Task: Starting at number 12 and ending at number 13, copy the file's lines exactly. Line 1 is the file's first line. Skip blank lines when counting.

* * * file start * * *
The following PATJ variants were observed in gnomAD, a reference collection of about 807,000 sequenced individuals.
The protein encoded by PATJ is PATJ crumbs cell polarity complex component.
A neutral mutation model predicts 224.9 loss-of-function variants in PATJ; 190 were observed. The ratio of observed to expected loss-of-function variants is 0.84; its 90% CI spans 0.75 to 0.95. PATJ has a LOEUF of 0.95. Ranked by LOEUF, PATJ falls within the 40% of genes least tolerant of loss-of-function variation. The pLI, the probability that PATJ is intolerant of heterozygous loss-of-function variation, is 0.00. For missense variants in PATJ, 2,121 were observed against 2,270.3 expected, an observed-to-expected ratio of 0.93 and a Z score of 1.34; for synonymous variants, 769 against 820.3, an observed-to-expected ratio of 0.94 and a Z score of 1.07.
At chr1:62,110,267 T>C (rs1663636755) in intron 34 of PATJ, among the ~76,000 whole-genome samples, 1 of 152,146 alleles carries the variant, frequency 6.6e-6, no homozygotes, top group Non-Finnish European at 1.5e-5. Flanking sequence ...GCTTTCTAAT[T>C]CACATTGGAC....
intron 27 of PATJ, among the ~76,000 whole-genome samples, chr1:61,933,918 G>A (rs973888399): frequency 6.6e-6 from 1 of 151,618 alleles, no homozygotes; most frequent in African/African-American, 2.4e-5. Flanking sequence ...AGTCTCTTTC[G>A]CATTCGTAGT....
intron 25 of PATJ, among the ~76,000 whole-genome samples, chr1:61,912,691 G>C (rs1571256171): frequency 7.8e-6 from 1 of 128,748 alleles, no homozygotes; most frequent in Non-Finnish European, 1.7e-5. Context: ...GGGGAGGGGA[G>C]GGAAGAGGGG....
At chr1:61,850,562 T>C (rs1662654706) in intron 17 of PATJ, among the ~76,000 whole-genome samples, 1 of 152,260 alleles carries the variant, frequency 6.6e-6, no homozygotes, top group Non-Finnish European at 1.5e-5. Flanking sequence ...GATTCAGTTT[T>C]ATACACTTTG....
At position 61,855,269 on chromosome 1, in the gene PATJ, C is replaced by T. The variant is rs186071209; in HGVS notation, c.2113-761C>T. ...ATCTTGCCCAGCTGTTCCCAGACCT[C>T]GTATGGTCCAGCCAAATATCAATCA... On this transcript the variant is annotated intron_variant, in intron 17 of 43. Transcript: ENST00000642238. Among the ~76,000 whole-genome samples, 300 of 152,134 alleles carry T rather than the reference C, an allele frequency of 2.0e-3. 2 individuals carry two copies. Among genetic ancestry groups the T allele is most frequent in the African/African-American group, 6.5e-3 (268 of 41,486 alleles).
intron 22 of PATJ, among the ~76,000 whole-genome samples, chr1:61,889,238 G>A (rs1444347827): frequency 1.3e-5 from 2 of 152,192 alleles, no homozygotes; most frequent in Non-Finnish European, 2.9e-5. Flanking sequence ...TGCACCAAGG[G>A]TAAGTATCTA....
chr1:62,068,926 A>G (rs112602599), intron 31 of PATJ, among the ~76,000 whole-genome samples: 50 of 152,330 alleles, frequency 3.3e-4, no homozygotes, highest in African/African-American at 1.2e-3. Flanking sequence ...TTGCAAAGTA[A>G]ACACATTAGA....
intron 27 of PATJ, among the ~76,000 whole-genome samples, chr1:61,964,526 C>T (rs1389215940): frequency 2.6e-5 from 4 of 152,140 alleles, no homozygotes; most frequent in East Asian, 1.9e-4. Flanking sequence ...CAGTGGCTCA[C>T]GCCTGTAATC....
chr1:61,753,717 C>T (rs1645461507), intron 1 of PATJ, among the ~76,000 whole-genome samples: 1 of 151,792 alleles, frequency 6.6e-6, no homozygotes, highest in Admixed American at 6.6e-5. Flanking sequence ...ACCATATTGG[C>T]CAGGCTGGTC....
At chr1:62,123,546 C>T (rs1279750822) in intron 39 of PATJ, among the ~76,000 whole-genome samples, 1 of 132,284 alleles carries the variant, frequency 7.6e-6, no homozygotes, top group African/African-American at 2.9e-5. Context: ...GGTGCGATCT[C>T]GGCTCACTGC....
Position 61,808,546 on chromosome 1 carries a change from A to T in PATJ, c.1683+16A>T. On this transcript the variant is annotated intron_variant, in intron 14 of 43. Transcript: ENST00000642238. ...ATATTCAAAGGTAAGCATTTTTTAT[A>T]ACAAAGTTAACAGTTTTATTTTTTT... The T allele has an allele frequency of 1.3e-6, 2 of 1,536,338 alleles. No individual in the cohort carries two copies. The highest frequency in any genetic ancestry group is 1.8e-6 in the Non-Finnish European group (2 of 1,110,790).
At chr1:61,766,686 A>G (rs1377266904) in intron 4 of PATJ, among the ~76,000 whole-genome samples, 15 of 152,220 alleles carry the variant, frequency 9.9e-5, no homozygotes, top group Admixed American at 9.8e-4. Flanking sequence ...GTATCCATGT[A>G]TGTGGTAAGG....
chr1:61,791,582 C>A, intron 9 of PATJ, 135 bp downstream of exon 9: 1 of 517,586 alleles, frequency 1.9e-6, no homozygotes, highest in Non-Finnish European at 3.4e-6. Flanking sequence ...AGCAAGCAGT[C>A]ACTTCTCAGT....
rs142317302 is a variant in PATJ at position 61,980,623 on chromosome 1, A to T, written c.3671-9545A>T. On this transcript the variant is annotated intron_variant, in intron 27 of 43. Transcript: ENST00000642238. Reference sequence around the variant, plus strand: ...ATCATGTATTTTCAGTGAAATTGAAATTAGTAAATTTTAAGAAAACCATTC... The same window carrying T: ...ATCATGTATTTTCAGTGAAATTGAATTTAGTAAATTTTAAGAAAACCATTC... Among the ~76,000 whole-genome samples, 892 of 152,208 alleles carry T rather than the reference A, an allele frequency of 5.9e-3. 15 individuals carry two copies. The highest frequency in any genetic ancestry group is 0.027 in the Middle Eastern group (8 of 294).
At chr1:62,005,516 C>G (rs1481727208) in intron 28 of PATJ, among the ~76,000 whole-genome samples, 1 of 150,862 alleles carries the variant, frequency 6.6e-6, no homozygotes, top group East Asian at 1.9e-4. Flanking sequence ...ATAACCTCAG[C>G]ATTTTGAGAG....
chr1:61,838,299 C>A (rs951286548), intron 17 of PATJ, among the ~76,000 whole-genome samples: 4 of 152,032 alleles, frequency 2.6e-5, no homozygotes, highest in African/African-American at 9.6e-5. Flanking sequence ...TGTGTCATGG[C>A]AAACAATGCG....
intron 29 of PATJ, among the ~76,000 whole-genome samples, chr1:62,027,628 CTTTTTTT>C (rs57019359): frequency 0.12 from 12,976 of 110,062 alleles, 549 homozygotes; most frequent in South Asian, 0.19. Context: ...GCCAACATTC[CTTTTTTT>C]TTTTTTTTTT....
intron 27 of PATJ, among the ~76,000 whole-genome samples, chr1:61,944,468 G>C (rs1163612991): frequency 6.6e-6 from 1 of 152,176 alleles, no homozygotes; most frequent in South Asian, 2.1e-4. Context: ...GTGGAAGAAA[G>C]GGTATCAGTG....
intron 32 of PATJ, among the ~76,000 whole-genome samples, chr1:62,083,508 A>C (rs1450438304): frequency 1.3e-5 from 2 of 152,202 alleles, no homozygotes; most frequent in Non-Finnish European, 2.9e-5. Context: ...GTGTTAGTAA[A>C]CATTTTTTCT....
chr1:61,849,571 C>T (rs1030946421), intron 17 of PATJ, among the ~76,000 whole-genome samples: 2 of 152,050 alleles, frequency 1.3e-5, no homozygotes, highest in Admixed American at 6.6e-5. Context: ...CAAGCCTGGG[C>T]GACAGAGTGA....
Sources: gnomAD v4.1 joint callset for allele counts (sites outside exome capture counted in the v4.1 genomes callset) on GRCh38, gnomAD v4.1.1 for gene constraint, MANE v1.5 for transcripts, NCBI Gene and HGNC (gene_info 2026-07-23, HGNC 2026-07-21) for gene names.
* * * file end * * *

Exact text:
chr1:61,753,717 C>T (rs1645461507), intron 1 of PATJ, among the ~76,000 whole-genome samples: 1 of 151,792 alleles, frequency 6.6e-6, no homozygotes, highest in Admixed American at 6.6e-5. Flanking sequence ...ACCATATTGG[C>T]CAGGCTGGTC....
At chr1:62,123,546 C>T (rs1279750822) in intron 39 of PATJ, among the ~76,000 whole-genome samples, 1 of 132,284 alleles carries the variant, frequency 7.6e-6, no homozygotes, top group African/African-American at 2.9e-5. Context: ...GGTGCGATCT[C>T]GGCTCACTGC....